UK reveals post-Brexit data reforms alongside flurry of international agreements
The US, Australia, and South Korea are among the countries the government is prioritising for multi-billion-pound adequacy agreements
The UK appears to be distancing itself from the EU’s GDPR with the announcement of plans to rewrite domestic data protection laws while pursuing lucrative data adequacy agreements with countries around the world.
The government has revealed a package of measures that will see it “move quickly and creatively” to strike adequacy agreements with a range of nations worth more than £11 billion in untapped trade. These will be subject to assessments to ensure high data protection standards, according to the Department for Digital, Culture, Media and Sport (DCMS).
The first territories the government will negotiate with are the US, Australia, South Korea, Singapore, the Dubai International Finance Centre, and Columbia. These agreements will be followed by negotiations with India, Brazil, Indonesia, and Kenya. The UK currently recognises the data regimes of 42 countries as being adequate with its own.
The government has also identified New Zealand’s privacy commissioner John Edwards as its preferred candidate to replace Elizabeth Denham as the UK’s Information Commissioner, with a revised remit prioritising innovation over enforcing privacy rights.
“Now that we have left the EU I’m determined to seize the opportunity by developing a world-leading data policy that will deliver a Brexit dividend for individuals and businesses across the UK,” said DCMS secretary Oliver Dowden.
“That means seeking exciting new international data partnerships with some of the world's fastest growing economies, for the benefit of British firms and British customers alike.”
At the heart of this package of measures are plans to reform domestic data laws so they’re “based on common sense, not box-ticking”, Dowden added. This is the most explicit signal yet that the UK will distance itself from GDPR, with the government suggesting the current regime is antagonistic towards innovation.
The government has previously signalled that it’s keen on scrapping GDPR rules, with prime minister Boris Johnson commissioning a task force earlier this year to examine the UK’s data protection regime.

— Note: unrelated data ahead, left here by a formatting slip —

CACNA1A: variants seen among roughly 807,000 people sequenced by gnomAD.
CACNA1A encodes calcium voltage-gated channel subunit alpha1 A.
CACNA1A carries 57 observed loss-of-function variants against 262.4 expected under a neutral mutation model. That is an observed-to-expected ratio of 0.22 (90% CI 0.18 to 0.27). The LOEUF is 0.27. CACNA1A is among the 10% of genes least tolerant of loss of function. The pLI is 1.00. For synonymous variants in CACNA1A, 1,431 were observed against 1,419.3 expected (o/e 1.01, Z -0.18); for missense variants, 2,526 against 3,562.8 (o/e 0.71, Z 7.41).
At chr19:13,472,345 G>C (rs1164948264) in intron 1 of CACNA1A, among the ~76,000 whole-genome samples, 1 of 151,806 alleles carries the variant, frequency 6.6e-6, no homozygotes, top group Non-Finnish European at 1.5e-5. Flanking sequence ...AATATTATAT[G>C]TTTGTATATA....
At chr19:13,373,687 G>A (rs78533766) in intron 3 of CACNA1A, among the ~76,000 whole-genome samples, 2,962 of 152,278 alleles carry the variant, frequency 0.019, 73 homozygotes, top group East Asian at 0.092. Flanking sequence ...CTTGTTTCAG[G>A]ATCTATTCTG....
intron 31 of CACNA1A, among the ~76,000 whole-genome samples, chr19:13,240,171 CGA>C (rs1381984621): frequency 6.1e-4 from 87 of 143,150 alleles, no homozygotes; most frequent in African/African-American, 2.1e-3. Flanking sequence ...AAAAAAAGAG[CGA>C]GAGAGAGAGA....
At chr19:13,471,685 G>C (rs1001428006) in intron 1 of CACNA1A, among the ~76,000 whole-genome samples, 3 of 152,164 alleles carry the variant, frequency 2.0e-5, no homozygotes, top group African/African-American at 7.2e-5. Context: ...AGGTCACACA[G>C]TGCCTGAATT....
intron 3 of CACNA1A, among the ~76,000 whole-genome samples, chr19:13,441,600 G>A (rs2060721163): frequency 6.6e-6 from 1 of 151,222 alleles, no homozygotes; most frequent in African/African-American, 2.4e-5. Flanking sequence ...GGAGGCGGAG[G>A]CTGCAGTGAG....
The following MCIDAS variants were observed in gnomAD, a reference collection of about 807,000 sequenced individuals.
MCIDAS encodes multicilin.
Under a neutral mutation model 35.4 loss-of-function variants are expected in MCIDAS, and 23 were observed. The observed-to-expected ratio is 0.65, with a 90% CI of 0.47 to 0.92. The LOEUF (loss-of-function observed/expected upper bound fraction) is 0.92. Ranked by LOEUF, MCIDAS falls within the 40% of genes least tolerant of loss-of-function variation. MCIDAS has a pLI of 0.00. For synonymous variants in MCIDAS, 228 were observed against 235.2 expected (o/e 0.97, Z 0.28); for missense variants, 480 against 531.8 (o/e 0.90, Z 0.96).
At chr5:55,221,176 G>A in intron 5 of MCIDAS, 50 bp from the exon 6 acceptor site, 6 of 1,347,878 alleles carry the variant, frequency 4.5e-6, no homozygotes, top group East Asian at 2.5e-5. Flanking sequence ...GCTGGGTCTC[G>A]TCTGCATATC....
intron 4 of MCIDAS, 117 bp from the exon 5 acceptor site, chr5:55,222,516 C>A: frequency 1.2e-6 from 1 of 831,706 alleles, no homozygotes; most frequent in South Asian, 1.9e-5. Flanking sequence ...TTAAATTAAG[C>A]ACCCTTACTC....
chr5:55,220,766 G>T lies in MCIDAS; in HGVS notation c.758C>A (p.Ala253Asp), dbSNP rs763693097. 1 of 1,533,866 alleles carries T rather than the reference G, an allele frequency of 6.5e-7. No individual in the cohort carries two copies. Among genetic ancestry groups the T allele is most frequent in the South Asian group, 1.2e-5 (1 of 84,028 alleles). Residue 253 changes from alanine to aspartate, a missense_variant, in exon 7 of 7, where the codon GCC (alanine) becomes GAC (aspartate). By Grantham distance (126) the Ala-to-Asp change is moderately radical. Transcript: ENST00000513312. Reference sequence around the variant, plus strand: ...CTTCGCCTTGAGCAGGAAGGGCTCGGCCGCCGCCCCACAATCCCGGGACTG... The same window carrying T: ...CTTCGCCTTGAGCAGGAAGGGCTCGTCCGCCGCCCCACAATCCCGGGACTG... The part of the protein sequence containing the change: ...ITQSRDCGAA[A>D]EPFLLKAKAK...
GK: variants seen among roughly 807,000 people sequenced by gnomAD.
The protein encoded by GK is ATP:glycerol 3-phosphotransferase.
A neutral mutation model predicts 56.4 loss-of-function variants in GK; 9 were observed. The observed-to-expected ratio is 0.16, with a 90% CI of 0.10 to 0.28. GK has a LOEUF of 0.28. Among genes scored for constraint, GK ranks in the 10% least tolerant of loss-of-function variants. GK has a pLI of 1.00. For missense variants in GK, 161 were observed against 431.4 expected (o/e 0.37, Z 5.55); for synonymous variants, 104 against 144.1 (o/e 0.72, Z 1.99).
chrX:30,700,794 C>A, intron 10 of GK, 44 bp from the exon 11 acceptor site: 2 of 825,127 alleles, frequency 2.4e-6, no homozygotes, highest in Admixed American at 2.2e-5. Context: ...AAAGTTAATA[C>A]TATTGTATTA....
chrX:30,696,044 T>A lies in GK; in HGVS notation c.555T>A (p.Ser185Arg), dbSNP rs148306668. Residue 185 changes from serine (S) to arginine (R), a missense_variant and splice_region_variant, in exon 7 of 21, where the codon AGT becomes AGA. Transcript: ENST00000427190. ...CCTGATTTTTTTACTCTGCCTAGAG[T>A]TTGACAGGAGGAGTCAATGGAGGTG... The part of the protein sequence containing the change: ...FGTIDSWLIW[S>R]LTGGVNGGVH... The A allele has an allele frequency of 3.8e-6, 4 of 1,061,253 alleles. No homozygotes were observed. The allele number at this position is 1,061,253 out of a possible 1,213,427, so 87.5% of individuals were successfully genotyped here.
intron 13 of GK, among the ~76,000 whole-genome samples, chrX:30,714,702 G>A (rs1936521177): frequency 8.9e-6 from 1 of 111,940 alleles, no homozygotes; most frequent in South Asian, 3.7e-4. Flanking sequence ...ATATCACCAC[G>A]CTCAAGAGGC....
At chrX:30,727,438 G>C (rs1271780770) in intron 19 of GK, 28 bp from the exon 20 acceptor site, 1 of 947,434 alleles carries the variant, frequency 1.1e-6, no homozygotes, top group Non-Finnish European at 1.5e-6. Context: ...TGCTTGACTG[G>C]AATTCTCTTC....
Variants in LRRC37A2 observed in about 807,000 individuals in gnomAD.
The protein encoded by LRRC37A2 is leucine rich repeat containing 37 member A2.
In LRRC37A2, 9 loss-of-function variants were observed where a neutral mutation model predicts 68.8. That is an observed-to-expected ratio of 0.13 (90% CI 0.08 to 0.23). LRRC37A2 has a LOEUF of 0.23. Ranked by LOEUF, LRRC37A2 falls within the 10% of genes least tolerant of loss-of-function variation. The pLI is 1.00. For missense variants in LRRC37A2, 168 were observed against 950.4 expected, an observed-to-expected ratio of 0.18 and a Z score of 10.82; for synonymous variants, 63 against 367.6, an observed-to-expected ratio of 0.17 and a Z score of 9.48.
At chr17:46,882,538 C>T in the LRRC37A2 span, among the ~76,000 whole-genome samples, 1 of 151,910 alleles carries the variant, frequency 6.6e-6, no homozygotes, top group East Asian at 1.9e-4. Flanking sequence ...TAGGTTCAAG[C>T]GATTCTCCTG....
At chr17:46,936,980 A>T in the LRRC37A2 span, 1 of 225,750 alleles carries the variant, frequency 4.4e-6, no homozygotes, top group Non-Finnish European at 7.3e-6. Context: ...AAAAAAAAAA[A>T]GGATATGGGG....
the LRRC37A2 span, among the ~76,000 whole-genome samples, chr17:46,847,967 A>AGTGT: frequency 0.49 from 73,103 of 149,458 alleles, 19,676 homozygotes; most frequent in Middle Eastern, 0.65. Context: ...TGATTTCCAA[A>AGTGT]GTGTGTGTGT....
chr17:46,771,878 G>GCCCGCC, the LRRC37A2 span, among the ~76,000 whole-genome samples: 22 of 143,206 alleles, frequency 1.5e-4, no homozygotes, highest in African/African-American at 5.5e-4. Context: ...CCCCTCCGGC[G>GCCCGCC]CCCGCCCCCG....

This panel, comprising three right-wing Conservative MPs, blasted GDPR as being “prescriptive and inflexible” and recommended replacing the current regime with a new framework for data protection.
Government officials have also suggested that the Information Commissioner’s Office (ICO) focuses too heavily on privacy rights and data protection, and not enough on innovation. This is considered an ‘imbalance’ that needs addressing, with the government looking to John Edwards’ appointment as a chance to reform the role of the data protection watchdog.
In the coming weeks, the government will launch a consultation on how to change domestic data protection laws so it can “break down barriers” and speed up innovation, give businesses greater license to use data, and improve public services.
How exactly this data protection regime will be structured, and how vastly it might differ from GDPR, isn't clear. However, briefing national newspapers in advance of this announcement, officials said it would lead to the end of web cookie requests.
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“This set of ambitious announcements is welcome," said director of markets with techUK, Matthew Evans. "Data is a foundational asset for modern societies, creating accessible and trusted routes for businesses, civil society and researchers to access data from around the world will help drive innovation and create better digital services.
“However, these new routes must be trusted and command the confidence of the public. TechUK, therefore, welcomes the technical assessment criteria and commitment to high privacy standards laid out by the Government. Both of these will be vital to maintaining access to existing data flows, such as from the EU as well as opening up global opportunities."
European officials are expected to follow these developments closely given the UK was only awarded a data adequacy agreement with the EU in June. This indicates that the EU considers the UK’s data protection laws are harmonised with its own, which paved the way for data flows to continue post-Brexit without the need for businesses to pursue individual alternative mechanisms, such as standard contractual clauses (SCCs).
Any changes to UK data protection laws, however, might threaten the status of this agreement in future, with the agreement subject to being reviewed every four years while also being susceptible to legal challenge at any time.
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